The brain's stress response also stimulates the production of a powerful hormone called cortisol. Of course, this is the body’s natural response to immediate, short term stress, but it becomes a major health issue when we find ourselves dealing with stress and pressure for a prolonged period of time. We're talking about a decrease in our brain cells, higher blood pressure and a greater chance you’ll have a heart attack or even a stroke! Scary stuff.
If you’re a leader and you’re cultivating the type of high-pressure sales culture this post is railing against, it’s time to rethink. Not only is it an ineffective strategy, you literallyhave the lives of your people in your hands. But don’t stress, the answer is deceptively simple. Really! How? Take the pressure away. Get rid of it. Give your people the space they need to breathe, to think, to consider and respond and you’ll be amazed at what they will achieve. An inspired team will always outperform a stressed team.
The same is true for sales people. Instead of trying to apply pressure in an effort to get your clients to buy your stuff, do the opposite. Take your foot off that accelerator pedal. Take a deep breath and slow down. Sounds counterintuitive right. But it isn’t, it’s actually the right thing to do. Not only from an effective human interaction point of view, but also from a sales and business performance point of view.
When you release the pressure something magical happens. That space you’ve created is filled with something else. Something that’s much more likely to lead to a positive outcome for you, for your team members, for your colleagues and for your clients.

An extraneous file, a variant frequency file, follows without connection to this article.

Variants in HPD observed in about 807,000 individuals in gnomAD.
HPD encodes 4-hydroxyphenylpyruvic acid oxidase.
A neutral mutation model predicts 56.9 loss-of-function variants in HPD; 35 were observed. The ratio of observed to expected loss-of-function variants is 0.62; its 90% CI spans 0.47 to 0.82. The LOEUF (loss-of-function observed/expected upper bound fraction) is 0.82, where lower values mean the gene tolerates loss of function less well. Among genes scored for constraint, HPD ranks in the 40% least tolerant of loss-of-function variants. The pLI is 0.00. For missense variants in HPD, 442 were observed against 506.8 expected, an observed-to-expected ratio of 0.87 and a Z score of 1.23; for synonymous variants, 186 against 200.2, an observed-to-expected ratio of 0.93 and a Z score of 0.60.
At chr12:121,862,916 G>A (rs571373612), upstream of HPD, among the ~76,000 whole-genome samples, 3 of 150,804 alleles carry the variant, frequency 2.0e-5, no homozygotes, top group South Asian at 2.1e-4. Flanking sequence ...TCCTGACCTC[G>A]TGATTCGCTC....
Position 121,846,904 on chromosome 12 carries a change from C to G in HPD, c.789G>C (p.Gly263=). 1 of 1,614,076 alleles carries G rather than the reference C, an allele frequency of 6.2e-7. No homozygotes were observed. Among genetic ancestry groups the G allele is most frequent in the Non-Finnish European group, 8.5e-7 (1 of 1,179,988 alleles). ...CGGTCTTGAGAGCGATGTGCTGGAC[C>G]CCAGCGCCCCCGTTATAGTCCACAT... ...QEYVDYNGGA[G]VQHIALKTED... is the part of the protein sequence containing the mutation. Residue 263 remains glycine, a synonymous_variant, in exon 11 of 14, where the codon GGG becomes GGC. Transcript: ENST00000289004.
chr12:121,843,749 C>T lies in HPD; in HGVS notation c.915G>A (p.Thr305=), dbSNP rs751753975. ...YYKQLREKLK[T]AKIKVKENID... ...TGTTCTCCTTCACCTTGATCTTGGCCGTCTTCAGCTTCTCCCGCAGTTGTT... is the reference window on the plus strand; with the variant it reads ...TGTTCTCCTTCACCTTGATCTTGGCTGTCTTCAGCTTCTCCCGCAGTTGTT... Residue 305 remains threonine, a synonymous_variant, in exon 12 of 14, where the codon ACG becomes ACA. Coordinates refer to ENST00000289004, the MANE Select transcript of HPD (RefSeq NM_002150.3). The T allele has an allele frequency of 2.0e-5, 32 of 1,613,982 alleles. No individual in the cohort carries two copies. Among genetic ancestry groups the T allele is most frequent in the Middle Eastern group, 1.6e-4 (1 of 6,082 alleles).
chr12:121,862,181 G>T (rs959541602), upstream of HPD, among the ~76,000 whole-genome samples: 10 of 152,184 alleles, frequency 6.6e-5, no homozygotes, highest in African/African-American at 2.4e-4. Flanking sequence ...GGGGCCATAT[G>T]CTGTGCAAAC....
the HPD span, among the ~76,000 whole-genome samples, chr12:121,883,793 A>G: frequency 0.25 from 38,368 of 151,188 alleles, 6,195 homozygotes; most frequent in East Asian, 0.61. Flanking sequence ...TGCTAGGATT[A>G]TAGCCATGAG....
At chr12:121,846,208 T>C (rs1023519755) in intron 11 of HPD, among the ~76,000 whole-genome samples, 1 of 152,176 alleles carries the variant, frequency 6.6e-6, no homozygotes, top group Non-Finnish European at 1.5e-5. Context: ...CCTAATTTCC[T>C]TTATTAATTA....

When you relax, you feel better. Your mind and body communicate your relaxed state to others, meaning you’re now much more able to tap into the full depth and breadth of your mental and emotional capabilities. The great news is that you also encourage the other person to respond in kind. They relax too, they also feel better, which means they’ll be much more at ease with you and the situation.
Now that the virtual barriers between you have been removed the natural flow of communication, understanding, empathy, attention, appreciation and most importantly trust building can begin. The result is that you’ll both be in a much better position to make good decisions that create terrific value, and at the end of the day isn’t that what sales is really all about?
ABOUT THE AUTHOR
Ian J Lowe is the Founder & CEO of eccoh, a sales transformation, coaching and consulting organisation pioneering a movement to change the way the world thinks about sales. The selling environment has radically changed and yesterday’s attitudes, mindsets and cultures are no longer relevant. To succeed we need to be much more than in the past. Our mission is to harness the collective energies of every salesperson on the planet as a force for good in the world. That's the open effect.
Image Credit: The Hangover 2 movie, 2011 - Warner Bros